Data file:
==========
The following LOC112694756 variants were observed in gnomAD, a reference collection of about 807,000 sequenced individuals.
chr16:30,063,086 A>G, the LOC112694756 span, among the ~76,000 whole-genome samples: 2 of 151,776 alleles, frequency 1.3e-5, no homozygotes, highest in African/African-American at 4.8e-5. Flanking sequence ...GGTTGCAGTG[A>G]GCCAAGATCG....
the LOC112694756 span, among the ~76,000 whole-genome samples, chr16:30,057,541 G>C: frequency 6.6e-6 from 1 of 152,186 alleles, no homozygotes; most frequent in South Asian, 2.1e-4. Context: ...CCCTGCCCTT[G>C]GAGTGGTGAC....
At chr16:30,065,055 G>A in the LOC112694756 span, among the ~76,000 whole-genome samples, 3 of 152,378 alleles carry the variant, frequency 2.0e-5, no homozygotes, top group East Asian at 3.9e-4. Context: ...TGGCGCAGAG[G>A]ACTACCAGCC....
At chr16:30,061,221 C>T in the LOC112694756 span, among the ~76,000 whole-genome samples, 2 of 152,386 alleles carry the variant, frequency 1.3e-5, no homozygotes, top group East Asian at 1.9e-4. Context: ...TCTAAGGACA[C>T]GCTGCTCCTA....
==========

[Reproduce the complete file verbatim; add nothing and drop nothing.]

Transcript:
The following LOC112694756 variants were observed in gnomAD, a reference collection of about 807,000 sequenced individuals.
chr16:30,063,086 A>G, the LOC112694756 span, among the ~76,000 whole-genome samples: 2 of 151,776 alleles, frequency 1.3e-5, no homozygotes, highest in African/African-American at 4.8e-5. Flanking sequence ...GGTTGCAGTG[A>G]GCCAAGATCG....
the LOC112694756 span, among the ~76,000 whole-genome samples, chr16:30,057,541 G>C: frequency 6.6e-6 from 1 of 152,186 alleles, no homozygotes; most frequent in South Asian, 2.1e-4. Context: ...CCCTGCCCTT[G>C]GAGTGGTGAC....
At chr16:30,065,055 G>A in the LOC112694756 span, among the ~76,000 whole-genome samples, 3 of 152,378 alleles carry the variant, frequency 2.0e-5, no homozygotes, top group East Asian at 3.9e-4. Context: ...TGGCGCAGAG[G>A]ACTACCAGCC....
At chr16:30,061,221 C>T in the LOC112694756 span, among the ~76,000 whole-genome samples, 2 of 152,386 alleles carry the variant, frequency 1.3e-5, no homozygotes, top group East Asian at 1.9e-4. Context: ...TCTAAGGACA[C>T]GCTGCTCCTA....